Melania Trump Club

Saturday, April 23, 2011

Judaism

(Israel Twitter)Judaism is the "religion, philosophy, and way of life" of the Jewish people. Originating in the Hebrew Bible (also known as the Tanakh) and explored in later texts such as the Talmud, it is considered by Jews to be the expression of the covenantal relationship God developed with the Children of Israel. According to traditional Rabbinic Judaism, God revealed his laws and commandments to Moses on Mount Sinai in the form of both the Written and Oral Torah. This was historically challenged by the Karaites, a movement that flourished in the medieval period, retains several thousand followers today and maintains that only the Written Torah was revealed. In modern times, liberal movements such as Humanistic Judaism may be nontheistic.
Judaism claims a historical continuity spanning more than 3,000 years. It is one of the oldest monotheistic religions, and the oldest to survive into the present day. The Hebrews / Israelites were already referred to as Jews in later books of the Tanakh such as the Book of Esther, with the term Jews replacing the title "Children of Israel." Judaism's texts, traditions and values strongly influenced later Abrahamic religions, including Christianity, Islam and the Baha'i Faith. Many aspects of Judaism have also directly or indirectly influenced secular Western ethics and civil law.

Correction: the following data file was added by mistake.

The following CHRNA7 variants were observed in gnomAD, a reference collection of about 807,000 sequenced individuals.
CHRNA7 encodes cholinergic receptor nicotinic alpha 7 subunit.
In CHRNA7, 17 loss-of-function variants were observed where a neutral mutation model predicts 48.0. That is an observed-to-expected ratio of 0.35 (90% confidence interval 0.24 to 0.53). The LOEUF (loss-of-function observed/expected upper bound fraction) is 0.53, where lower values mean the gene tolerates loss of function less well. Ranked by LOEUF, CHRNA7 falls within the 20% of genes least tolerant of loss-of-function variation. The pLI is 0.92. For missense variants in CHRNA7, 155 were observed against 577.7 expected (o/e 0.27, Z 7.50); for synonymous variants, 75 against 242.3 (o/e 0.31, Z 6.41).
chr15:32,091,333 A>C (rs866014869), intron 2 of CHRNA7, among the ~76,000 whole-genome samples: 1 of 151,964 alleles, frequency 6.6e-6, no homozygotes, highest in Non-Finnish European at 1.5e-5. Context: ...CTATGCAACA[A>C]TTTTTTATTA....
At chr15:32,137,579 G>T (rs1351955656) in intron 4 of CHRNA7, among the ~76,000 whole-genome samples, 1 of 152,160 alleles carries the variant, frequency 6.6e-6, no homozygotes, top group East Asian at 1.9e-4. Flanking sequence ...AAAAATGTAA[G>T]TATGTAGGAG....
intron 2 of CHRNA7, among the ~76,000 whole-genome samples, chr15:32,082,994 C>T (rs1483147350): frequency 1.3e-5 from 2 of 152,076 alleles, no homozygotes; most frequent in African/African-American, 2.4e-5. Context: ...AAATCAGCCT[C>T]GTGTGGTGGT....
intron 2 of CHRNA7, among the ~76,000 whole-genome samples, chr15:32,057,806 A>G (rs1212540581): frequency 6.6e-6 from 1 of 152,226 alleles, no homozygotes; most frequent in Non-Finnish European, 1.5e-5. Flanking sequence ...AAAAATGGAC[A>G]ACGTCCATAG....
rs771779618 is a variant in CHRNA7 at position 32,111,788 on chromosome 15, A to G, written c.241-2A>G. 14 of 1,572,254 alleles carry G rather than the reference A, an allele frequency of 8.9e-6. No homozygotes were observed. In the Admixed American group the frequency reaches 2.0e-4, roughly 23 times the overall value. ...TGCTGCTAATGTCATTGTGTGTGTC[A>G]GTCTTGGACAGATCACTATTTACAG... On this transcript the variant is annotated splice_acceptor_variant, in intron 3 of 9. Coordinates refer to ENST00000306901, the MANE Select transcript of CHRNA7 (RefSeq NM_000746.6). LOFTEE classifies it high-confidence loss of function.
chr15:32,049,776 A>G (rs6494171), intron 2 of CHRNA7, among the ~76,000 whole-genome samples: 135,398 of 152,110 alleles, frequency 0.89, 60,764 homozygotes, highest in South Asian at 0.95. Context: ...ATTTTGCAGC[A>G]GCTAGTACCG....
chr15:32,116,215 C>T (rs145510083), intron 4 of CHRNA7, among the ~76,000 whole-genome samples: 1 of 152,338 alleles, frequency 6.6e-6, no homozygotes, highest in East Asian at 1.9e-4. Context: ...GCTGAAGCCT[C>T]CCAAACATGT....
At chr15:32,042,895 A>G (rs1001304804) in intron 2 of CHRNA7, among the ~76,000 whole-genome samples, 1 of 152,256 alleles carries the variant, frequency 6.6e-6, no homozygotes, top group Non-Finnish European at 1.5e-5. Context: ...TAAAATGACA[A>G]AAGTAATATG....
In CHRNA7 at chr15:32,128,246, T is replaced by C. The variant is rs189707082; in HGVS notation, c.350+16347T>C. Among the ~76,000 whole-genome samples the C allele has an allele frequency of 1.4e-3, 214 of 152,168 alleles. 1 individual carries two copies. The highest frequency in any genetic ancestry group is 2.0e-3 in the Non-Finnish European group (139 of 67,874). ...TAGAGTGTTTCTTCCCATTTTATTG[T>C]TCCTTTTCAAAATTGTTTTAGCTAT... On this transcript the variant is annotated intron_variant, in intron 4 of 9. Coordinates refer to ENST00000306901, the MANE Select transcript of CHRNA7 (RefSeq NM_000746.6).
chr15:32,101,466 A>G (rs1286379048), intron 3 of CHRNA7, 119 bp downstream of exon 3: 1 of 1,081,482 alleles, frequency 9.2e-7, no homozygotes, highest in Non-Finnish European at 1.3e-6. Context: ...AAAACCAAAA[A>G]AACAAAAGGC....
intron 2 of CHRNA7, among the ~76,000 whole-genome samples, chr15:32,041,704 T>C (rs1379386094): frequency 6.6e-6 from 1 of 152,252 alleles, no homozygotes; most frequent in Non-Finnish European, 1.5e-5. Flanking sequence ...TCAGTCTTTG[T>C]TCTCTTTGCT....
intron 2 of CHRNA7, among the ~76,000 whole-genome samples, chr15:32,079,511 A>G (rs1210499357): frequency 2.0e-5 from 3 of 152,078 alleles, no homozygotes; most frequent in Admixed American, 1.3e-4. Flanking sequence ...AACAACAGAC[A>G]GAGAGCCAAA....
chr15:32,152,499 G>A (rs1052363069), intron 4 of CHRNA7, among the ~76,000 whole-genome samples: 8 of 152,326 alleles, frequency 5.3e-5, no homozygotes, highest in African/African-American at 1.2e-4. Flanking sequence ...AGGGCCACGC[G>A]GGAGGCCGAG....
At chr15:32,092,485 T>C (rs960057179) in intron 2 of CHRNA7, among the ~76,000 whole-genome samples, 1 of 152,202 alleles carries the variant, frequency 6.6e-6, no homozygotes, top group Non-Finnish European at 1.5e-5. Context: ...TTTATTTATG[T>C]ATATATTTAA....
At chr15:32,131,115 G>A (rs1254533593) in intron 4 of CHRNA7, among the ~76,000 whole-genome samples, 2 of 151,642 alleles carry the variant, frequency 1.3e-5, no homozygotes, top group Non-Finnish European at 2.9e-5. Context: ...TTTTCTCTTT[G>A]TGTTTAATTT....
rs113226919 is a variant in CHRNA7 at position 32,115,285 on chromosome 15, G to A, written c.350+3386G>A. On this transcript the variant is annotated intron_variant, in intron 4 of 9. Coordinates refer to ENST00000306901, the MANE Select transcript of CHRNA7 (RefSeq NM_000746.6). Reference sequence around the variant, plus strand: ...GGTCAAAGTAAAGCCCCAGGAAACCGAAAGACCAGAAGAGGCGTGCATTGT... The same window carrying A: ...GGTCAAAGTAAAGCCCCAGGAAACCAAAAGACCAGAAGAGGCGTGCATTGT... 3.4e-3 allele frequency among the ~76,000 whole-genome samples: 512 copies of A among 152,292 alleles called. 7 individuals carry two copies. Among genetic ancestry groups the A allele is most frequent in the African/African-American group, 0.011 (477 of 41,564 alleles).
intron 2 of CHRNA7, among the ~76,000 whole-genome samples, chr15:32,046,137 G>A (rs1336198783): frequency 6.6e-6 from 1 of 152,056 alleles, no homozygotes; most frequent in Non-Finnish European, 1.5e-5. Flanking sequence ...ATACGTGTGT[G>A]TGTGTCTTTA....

Jews are an ethnoreligious group and include those born Jewish and converts to Judaism. In 2010, the world Jewish population was estimated at 13.4 million, or roughly 0.2% of the total world population. About 42% of all Jews reside in Israel and about 42% reside in the United States and Canada, with most of the remainder living in Europe. The largest Jewish religious movements are Orthodox Judaism (Hareidi Judaism and Modern Orthodox Judaism), Conservative Judaism and Reform Judaism. A major source of difference between these groups is their approach to Jewish law. Orthodox Judaism maintains that the Torah and Jewish law are divine in origin, eternal and unalterable, and that they should be strictly followed. Conservative and Reform Judaism are more liberal, with Conservative Judaism generally promoting a more "traditional" interpretation of Judaism's requirements than Reform Judaism. A typical Reform position is that Jewish law should be viewed as a set of general guidelines rather than as a set of restrictions and obligations whose observance is required of all Jews.
Unlike other ancient Near Eastern gods, the Hebrew God is portrayed as unitary and solitary; consequently, the Hebrew God's principal relationships are not with other gods, but with the world, and more specifically, with the people He created. Judaism thus begins with an ethical monotheism: the belief that God is one, and concerned with the actions of humankind. According to the Hebrew Bible, God promised Abraham to make of his offspring a great nation. Many generations later, he commanded the nation of Israel to love and worship only one God; that is, the Jewish nation is to reciprocate God's concern for the world. He also commanded the Jewish people to love one another; that is, Jews are to imitate God's love for people. These commandments are but two of a large corpus of commandments and laws that constitute this covenant, which is the substance of Judaism.

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